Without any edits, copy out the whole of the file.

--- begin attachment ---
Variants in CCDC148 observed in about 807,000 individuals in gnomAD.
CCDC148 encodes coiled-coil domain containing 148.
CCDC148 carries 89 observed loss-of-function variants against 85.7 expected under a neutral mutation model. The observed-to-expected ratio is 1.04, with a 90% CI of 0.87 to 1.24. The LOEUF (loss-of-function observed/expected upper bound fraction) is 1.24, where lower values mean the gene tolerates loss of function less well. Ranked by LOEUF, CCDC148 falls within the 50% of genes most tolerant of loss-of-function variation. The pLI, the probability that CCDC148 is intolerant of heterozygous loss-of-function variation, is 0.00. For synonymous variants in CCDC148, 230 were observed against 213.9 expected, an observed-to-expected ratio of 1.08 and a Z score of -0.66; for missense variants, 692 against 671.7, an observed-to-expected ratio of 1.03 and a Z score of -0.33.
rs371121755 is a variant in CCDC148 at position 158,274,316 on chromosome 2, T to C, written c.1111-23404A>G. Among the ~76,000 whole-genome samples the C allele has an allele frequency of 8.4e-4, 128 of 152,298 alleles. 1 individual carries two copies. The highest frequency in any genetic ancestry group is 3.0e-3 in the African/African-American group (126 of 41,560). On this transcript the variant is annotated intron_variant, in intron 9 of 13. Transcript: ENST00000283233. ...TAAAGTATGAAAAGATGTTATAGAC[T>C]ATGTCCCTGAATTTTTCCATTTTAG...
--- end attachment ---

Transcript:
Variants in CCDC148 observed in about 807,000 individuals in gnomAD.
CCDC148 encodes coiled-coil domain containing 148.
CCDC148 carries 89 observed loss-of-function variants against 85.7 expected under a neutral mutation model. The observed-to-expected ratio is 1.04, with a 90% CI of 0.87 to 1.24. The LOEUF (loss-of-function observed/expected upper bound fraction) is 1.24, where lower values mean the gene tolerates loss of function less well. Ranked by LOEUF, CCDC148 falls within the 50% of genes most tolerant of loss-of-function variation. The pLI, the probability that CCDC148 is intolerant of heterozygous loss-of-function variation, is 0.00. For synonymous variants in CCDC148, 230 were observed against 213.9 expected, an observed-to-expected ratio of 1.08 and a Z score of -0.66; for missense variants, 692 against 671.7, an observed-to-expected ratio of 1.03 and a Z score of -0.33.
rs371121755 is a variant in CCDC148 at position 158,274,316 on chromosome 2, T to C, written c.1111-23404A>G. Among the ~76,000 whole-genome samples the C allele has an allele frequency of 8.4e-4, 128 of 152,298 alleles. 1 individual carries two copies. The highest frequency in any genetic ancestry group is 3.0e-3 in the African/African-American group (126 of 41,560). On this transcript the variant is annotated intron_variant, in intron 9 of 13. Transcript: ENST00000283233. ...TAAAGTATGAAAAGATGTTATAGAC[T>C]ATGTCCCTGAATTTTTCCATTTTAG...